Appeals from the Orders of the Unemployment Compensation Board of Review in cases of In Re: Claim of Richard D. Danner, No. B-187412, and in the case of In Re: Claim of Richard D. Danner, No. B-189561.
David A. Scholl, for petitioner.
Charles G. Hasson, Associate Counsel, with him Richard Wagner, Counsel, and Richard L. Cole, Jr., Chief Counsel, for respondent.
Judges Rogers, Blatt and Williams, Jr., sitting as a panel of three. Opinion by Judge Blatt. This decision was reached prior to the resignation of Judge Mencer. Judge Palladino did not participate in the decision in this case.
[ 66 Pa. Commw. Page 253]
The petitioner, Richard D. Danner, who says that he terminated his employment because of harassment by fellow workers, now challenges a decision of the Unemployment Compensation Board of Review (Board) which denied benefits on the ground that he did not notify his supervisor of the harassment and that he therefore did not have necessitous and compelling cause to quit.*fn1
The petitioner had the burden of establishing that he had a necessitous and compelling cause for terminating his employment and it is generally required that, in sustaining this burden, a claimant must inform his supervisor of the existence of such harassment. Colduvell v. Unemployment Compensation Board of Review, 48 Pa. Commonwealth Ct. 185, 408 A.2d 1207 (1979). It is also true that cause for quitting is shown if the circumstances in the particular situation produce a real and substantial pressure to terminate employment which would compel a reasonable person to do so. Taylor v. Unemployment Compensation Board of Review, 474 Pa. 354, 378 A.2d 829 (1977).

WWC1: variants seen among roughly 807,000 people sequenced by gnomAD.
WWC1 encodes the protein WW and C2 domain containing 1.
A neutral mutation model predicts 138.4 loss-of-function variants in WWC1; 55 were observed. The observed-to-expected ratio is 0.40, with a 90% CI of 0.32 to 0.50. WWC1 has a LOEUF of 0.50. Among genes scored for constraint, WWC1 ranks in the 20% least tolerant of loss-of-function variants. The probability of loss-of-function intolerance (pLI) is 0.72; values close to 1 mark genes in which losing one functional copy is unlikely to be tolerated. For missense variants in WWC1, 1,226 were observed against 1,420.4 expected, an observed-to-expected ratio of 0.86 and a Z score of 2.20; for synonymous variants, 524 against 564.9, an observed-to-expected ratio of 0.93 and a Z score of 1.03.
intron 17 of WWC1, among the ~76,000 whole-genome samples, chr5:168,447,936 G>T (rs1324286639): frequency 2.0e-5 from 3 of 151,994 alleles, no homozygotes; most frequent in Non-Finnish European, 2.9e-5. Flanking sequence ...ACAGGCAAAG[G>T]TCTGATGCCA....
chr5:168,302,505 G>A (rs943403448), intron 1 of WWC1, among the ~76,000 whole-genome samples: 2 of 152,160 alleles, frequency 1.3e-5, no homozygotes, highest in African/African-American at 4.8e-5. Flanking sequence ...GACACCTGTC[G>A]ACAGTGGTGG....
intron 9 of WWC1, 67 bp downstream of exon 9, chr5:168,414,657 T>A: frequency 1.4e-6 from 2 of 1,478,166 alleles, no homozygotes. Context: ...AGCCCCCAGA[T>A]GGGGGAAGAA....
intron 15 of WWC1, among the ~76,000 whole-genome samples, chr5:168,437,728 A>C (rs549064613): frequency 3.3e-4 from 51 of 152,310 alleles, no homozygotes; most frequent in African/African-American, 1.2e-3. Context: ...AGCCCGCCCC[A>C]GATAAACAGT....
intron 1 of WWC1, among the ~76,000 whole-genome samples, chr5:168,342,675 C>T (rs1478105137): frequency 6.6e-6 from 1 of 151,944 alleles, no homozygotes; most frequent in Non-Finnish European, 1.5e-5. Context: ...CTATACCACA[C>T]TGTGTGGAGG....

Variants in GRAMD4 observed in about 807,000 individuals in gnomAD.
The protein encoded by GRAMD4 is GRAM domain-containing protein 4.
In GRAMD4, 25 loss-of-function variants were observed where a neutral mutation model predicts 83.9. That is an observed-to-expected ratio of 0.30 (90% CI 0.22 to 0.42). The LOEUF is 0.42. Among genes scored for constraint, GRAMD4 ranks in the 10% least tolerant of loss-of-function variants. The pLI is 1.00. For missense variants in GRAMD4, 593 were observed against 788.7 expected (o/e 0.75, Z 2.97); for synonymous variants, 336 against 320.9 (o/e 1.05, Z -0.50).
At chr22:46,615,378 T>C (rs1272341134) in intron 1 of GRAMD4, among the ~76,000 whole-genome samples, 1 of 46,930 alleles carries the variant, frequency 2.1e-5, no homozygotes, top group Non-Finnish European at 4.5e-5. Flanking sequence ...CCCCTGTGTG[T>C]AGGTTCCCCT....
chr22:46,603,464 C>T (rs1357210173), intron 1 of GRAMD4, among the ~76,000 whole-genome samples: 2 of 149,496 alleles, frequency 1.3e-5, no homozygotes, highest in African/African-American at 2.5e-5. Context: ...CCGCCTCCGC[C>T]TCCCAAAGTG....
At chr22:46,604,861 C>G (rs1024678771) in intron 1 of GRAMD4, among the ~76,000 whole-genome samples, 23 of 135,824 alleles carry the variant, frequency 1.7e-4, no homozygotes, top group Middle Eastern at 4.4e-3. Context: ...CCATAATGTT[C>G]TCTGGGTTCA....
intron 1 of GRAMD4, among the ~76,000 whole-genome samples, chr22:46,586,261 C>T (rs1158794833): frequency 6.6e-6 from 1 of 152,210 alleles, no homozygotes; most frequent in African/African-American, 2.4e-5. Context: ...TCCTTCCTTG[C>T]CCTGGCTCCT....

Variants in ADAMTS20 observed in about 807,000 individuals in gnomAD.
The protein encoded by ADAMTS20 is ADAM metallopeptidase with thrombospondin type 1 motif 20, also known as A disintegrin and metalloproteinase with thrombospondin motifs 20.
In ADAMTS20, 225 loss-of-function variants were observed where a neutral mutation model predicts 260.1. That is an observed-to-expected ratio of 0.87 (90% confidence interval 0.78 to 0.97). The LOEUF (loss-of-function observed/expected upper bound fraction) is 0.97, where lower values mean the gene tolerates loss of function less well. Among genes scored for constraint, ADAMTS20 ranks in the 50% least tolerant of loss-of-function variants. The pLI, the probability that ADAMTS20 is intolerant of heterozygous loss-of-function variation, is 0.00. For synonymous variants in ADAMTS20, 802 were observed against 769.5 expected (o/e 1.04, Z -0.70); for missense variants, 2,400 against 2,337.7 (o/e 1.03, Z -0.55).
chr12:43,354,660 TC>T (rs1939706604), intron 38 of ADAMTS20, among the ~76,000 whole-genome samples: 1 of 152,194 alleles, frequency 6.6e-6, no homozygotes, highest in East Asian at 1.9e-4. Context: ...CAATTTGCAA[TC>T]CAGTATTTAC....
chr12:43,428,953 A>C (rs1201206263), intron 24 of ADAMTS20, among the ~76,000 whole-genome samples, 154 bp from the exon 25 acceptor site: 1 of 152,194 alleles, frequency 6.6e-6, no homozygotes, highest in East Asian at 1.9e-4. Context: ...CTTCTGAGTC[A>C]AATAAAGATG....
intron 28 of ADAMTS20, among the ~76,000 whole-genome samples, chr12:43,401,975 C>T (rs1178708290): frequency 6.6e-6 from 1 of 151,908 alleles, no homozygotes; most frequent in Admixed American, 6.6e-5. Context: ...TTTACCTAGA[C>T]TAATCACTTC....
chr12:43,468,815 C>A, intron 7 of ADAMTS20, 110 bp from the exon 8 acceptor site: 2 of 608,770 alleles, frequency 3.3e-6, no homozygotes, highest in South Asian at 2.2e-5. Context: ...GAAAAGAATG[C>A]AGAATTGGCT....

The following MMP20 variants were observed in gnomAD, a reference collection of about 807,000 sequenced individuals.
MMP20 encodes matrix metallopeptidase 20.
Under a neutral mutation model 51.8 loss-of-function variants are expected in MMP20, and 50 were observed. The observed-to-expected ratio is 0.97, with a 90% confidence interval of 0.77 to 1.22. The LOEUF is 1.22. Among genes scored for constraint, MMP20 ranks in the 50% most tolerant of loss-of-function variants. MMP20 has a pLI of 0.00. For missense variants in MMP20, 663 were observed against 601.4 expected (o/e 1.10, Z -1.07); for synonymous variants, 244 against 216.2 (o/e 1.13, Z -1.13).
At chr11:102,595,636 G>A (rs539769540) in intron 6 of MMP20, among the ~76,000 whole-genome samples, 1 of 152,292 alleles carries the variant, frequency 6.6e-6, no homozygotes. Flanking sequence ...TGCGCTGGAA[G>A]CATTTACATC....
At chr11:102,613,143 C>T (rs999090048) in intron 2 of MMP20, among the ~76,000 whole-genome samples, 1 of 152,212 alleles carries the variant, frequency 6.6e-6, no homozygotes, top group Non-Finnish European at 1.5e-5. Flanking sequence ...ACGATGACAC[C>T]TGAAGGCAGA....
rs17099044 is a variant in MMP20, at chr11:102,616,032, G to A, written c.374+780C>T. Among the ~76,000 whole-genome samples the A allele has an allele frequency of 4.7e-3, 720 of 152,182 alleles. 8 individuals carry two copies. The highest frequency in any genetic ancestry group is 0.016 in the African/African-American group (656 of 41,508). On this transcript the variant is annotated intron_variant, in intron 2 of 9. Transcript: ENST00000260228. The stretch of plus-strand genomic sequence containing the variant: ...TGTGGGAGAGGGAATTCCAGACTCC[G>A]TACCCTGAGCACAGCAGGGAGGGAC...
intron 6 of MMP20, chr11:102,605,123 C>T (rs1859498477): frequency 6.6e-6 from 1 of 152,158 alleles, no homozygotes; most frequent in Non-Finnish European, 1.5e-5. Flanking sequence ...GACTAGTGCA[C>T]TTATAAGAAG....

[ 66 Pa. Commw. Page 254]
In the present case, the referee and the Board found that the harassment which was inflicted on the petitioner*fn2 would have been sufficient to constitute necessitous cause if he had attempted to maintain the employment relationship by asking his supervisor to put an end to the objectionable conduct. The petitioner testified, however, that his supervisor, who was the plant manager, had himself taunted and abused him and was present on numerous occasions when other employees had harassed him. The supervisor denied any such abusive conduct on his own part, but did admit that he was generally aware of what the other employees were doing to the petitioner.
In light of the circumstances of this particular case, we must conclude that the Board erred in denying benefits. The harassment here was of a peculiarly virulent and embarrassing nature and we believe that the petitioner's supervisor, who admittedly was aware of the reason for and the existence of the harassment, had a duty to step in and remedy the situation. This business employed fewer than 10 persons during the petitioner's shift and the consequent familiarity and close contact among the employees could only tend to exaggerate this unfortunate atmosphere. We must conclude that the petitioner, who was faced with an unbearable work environment which his supervisor did not correct,*fn3 acted as a reasonable person would under these circumstances.
[ 66 Pa. Commw. Page 255]
Inasmuch as we believe that the Board capriciously disregarded competent evidence in this matter, Galla v. Unemployment Compensation Board of Review, 62 Pa. Commonwealth Ct. 238, 435 A.2d 1344 (1981), we will reverse ...